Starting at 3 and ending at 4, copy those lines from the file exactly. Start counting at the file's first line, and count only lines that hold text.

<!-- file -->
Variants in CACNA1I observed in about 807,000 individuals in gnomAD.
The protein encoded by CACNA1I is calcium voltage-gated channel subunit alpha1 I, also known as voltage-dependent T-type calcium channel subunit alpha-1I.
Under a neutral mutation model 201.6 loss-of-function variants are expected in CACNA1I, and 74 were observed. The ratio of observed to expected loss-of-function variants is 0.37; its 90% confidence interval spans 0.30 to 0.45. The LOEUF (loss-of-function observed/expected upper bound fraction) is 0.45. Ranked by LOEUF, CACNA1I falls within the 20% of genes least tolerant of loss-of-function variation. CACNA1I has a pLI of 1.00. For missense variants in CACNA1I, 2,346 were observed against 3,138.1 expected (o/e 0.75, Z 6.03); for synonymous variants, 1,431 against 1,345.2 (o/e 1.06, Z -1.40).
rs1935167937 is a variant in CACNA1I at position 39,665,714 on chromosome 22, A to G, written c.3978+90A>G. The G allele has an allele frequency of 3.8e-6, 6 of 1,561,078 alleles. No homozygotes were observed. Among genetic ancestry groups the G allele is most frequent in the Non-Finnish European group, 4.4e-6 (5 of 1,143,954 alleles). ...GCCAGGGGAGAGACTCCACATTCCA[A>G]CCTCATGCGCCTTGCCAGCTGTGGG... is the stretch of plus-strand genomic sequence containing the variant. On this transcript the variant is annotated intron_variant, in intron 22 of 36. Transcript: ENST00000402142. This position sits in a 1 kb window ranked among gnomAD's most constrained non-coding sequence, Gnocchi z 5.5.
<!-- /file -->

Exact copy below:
Under a neutral mutation model 201.6 loss-of-function variants are expected in CACNA1I, and 74 were observed. The ratio of observed to expected loss-of-function variants is 0.37; its 90% confidence interval spans 0.30 to 0.45. The LOEUF (loss-of-function observed/expected upper bound fraction) is 0.45. Ranked by LOEUF, CACNA1I falls within the 20% of genes least tolerant of loss-of-function variation. CACNA1I has a pLI of 1.00. For missense variants in CACNA1I, 2,346 were observed against 3,138.1 expected (o/e 0.75, Z 6.03); for synonymous variants, 1,431 against 1,345.2 (o/e 1.06, Z -1.40).
rs1935167937 is a variant in CACNA1I at position 39,665,714 on chromosome 22, A to G, written c.3978+90A>G. The G allele has an allele frequency of 3.8e-6, 6 of 1,561,078 alleles. No homozygotes were observed. Among genetic ancestry groups the G allele is most frequent in the Non-Finnish European group, 4.4e-6 (5 of 1,143,954 alleles). ...GCCAGGGGAGAGACTCCACATTCCA[A>G]CCTCATGCGCCTTGCCAGCTGTGGG... is the stretch of plus-strand genomic sequence containing the variant. On this transcript the variant is annotated intron_variant, in intron 22 of 36. Transcript: ENST00000402142. This position sits in a 1 kb window ranked among gnomAD's most constrained non-coding sequence, Gnocchi z 5.5.